The government is reopening three mega quarantine facilities in Metro Manila to help decongest hospitals affected by the continuous spike in COVID-19 cases in the region, the Health Department said on Wednesday.
Health Undersecretary Maria Rosario Vergeire told a media forum officials have decided to “reactivate” the Rizal Memorial Coliseum, the Ninoy Aquino Stadium, and the Quezon Institute—which were all previously closed after cases started to decrease months ago.
“Tatlo po ito na naisara dati dahil wala nang masyadong gumagamit—nire-reactivate na po, and in a matter of days, bubuksan na rin natin,” Vergeire said, citing information from Isolation czar and Public Works Secretary Mark Villar and other government officials.
[Translation: These are three facilities that we closed before because not a lot of people use it. These will be reactivated, and in a matter of days, will be reopened.]
Vergeire said the government will be “re-strategizing” the use of the quarantine facilities, which she said can also act as step-down care centers for recovering patients.
“Ibig sabihin, ‘yun pong medyo gumagaling na at pwede na pong bantayan na lang sa mga ganitong facilities, ay gagawin na po natin para ma-decongest ang hospitals,” she explained.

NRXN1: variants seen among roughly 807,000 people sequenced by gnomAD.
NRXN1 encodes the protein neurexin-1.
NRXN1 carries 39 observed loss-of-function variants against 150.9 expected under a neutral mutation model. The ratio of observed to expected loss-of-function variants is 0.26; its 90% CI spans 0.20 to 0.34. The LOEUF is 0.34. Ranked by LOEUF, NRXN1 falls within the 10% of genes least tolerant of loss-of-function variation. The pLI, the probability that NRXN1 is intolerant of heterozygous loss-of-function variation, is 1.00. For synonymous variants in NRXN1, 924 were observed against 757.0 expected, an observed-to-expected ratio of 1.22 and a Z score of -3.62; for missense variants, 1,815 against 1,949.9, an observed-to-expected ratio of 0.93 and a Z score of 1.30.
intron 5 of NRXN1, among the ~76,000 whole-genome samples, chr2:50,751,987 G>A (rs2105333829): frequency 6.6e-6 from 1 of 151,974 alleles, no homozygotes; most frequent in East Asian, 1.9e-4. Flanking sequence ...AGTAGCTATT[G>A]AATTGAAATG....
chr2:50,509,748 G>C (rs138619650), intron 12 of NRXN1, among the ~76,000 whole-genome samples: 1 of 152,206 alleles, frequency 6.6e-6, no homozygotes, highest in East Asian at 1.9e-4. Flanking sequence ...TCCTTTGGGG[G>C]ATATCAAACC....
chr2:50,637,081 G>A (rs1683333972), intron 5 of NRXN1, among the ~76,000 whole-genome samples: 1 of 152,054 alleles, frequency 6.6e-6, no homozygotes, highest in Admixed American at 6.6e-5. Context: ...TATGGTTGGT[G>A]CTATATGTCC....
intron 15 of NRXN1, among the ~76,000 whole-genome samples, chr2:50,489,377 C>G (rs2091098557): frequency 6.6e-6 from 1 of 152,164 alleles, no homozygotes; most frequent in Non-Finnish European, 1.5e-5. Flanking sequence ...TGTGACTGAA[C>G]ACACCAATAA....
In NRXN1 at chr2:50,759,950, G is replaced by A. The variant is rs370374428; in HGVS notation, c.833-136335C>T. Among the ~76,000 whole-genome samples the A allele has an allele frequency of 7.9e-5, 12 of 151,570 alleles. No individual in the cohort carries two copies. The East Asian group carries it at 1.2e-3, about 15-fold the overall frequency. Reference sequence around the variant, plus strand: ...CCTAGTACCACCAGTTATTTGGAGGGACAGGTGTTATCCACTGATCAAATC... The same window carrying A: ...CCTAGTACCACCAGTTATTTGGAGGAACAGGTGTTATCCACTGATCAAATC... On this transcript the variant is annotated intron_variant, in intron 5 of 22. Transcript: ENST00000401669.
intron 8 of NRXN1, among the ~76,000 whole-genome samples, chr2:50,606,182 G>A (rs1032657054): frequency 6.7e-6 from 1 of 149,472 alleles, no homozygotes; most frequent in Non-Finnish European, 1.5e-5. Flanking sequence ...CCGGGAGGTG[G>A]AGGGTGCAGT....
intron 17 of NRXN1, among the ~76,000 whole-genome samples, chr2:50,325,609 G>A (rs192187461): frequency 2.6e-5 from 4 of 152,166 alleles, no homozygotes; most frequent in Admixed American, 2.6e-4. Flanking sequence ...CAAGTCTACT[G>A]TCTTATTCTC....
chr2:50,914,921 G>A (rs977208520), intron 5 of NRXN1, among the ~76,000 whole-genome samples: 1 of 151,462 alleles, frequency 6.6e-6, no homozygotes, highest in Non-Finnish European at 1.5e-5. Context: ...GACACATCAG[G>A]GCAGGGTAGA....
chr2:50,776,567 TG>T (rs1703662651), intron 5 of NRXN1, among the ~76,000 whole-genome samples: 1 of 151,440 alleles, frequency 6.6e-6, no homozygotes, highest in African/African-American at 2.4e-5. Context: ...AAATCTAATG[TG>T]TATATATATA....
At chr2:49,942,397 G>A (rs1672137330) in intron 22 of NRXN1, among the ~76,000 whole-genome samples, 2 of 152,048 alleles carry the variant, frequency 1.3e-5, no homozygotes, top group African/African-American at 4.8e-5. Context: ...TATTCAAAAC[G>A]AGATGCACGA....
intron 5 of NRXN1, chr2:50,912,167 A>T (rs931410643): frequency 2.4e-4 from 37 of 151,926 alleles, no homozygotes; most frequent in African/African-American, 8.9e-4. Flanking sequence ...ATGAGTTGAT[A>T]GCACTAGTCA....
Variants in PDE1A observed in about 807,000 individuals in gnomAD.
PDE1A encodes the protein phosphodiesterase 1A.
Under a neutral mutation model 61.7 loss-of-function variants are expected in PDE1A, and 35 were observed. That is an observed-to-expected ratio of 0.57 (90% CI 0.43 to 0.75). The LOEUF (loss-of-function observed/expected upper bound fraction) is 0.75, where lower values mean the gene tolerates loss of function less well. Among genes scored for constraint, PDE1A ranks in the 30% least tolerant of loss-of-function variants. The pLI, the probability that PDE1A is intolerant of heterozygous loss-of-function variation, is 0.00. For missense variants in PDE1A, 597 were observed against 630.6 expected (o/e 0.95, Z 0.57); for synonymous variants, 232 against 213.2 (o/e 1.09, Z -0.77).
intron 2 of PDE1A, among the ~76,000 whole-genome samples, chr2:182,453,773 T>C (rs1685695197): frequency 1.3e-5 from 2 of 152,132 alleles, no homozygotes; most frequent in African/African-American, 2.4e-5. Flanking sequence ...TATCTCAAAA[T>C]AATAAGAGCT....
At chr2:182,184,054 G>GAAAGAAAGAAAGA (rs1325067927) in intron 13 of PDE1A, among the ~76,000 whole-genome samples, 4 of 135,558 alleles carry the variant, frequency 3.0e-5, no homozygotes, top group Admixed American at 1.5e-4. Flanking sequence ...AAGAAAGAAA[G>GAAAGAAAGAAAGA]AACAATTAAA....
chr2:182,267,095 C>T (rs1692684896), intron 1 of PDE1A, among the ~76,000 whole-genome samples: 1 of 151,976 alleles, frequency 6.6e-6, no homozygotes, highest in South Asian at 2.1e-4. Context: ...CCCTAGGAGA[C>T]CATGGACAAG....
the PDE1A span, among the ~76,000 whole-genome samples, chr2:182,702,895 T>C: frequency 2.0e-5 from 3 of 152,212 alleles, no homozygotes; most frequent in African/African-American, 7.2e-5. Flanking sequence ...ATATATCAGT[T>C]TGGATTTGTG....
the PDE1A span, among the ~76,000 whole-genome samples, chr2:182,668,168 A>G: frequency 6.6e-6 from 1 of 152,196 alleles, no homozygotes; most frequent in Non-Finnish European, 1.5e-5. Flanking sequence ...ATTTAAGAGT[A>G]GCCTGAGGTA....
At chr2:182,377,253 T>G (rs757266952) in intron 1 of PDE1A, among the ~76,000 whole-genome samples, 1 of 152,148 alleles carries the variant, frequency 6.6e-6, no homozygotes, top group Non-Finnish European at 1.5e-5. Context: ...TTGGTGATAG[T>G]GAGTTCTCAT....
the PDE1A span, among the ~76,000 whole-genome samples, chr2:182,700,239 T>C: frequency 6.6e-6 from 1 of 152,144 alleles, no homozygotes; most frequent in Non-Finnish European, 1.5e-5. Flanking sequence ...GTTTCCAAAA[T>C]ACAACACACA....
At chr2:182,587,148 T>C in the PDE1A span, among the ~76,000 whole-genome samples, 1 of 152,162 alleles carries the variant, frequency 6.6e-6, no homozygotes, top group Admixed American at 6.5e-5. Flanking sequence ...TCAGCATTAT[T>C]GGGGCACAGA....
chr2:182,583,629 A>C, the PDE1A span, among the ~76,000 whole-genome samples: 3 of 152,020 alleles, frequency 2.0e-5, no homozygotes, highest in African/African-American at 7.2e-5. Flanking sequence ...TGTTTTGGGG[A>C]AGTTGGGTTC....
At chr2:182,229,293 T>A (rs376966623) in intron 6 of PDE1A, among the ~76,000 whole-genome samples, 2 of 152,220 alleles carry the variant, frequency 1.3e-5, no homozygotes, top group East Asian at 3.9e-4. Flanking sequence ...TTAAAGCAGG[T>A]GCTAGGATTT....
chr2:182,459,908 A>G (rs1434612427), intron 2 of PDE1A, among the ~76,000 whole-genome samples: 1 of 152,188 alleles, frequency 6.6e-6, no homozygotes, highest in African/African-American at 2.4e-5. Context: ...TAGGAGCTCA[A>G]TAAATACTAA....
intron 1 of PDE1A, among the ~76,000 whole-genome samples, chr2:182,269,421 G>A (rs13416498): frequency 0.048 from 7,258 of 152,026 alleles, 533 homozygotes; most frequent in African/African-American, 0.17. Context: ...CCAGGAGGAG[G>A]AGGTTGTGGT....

[Translation: This means, those who are already recovering and can be monitored in these kinds of facilities—that’s what we will do to decongest hospitals.]
According to Vergeire, the Rizal Memorial and Ninoy Aquino Stadium have recently reopened their doors, with 97 and 127 beds, respectively, for patients. She said the Quezon Institute, which has 112 beds, will be opened on Monday.
Several hospitals in Metro Manila have reported critical capacity for COVID-19 patients as infections continue to rise. The National Capital Region alone has logged over 320,000 cases, while the country’s nationwide tally jumped to over 741,000 on Tuesday.
Aside from reopening quarantine centers, Vergeire said the government will also recall doctors and other medical professionals deployed in other regions less affected by the pandemic.
“We are returning them to their original or their home hospitals or institutions, para po makatulong po sila dito sa response na ito (so that they can help in our response),” she noted.